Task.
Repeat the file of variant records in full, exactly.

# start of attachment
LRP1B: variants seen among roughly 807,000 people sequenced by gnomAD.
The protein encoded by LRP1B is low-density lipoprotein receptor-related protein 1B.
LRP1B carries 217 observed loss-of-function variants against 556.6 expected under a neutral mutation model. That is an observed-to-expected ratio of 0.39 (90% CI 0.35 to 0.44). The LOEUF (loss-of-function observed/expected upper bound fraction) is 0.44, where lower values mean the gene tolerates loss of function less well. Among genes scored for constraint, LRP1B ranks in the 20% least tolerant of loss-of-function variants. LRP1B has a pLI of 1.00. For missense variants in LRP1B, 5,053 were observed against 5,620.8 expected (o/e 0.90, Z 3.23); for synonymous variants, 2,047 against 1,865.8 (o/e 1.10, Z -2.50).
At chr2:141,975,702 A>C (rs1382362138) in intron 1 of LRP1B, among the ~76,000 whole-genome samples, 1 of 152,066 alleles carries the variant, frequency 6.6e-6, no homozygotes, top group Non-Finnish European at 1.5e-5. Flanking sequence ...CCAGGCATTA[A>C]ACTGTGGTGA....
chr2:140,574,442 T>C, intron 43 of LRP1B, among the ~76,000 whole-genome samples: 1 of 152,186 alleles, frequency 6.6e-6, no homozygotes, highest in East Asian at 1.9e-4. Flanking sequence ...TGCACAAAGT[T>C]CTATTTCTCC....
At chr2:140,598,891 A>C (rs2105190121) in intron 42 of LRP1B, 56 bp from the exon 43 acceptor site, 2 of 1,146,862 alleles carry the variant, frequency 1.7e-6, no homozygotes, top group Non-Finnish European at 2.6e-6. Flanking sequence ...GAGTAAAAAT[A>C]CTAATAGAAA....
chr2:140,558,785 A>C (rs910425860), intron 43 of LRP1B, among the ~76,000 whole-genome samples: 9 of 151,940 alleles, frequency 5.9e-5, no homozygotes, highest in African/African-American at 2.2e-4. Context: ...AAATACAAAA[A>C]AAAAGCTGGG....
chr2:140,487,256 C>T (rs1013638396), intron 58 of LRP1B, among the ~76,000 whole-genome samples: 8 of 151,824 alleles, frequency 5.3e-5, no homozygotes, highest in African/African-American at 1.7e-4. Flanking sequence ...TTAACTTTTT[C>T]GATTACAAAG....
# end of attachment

LRP1B: variants seen among roughly 807,000 people sequenced by gnomAD.
The protein encoded by LRP1B is low-density lipoprotein receptor-related protein 1B.
LRP1B carries 217 observed loss-of-function variants against 556.6 expected under a neutral mutation model. That is an observed-to-expected ratio of 0.39 (90% CI 0.35 to 0.44). The LOEUF (loss-of-function observed/expected upper bound fraction) is 0.44, where lower values mean the gene tolerates loss of function less well. Among genes scored for constraint, LRP1B ranks in the 20% least tolerant of loss-of-function variants. LRP1B has a pLI of 1.00. For missense variants in LRP1B, 5,053 were observed against 5,620.8 expected (o/e 0.90, Z 3.23); for synonymous variants, 2,047 against 1,865.8 (o/e 1.10, Z -2.50).
At chr2:141,975,702 A>C (rs1382362138) in intron 1 of LRP1B, among the ~76,000 whole-genome samples, 1 of 152,066 alleles carries the variant, frequency 6.6e-6, no homozygotes, top group Non-Finnish European at 1.5e-5. Flanking sequence ...CCAGGCATTA[A>C]ACTGTGGTGA....
chr2:140,574,442 T>C, intron 43 of LRP1B, among the ~76,000 whole-genome samples: 1 of 152,186 alleles, frequency 6.6e-6, no homozygotes, highest in East Asian at 1.9e-4. Flanking sequence ...TGCACAAAGT[T>C]CTATTTCTCC....
At chr2:140,598,891 A>C (rs2105190121) in intron 42 of LRP1B, 56 bp from the exon 43 acceptor site, 2 of 1,146,862 alleles carry the variant, frequency 1.7e-6, no homozygotes, top group Non-Finnish European at 2.6e-6. Flanking sequence ...GAGTAAAAAT[A>C]CTAATAGAAA....
chr2:140,558,785 A>C (rs910425860), intron 43 of LRP1B, among the ~76,000 whole-genome samples: 9 of 151,940 alleles, frequency 5.9e-5, no homozygotes, highest in African/African-American at 2.2e-4. Context: ...AAATACAAAA[A>C]AAAAGCTGGG....
chr2:140,487,256 C>T (rs1013638396), intron 58 of LRP1B, among the ~76,000 whole-genome samples: 8 of 151,824 alleles, frequency 5.3e-5, no homozygotes, highest in African/African-American at 1.7e-4. Flanking sequence ...TTAACTTTTT[C>T]GATTACAAAG....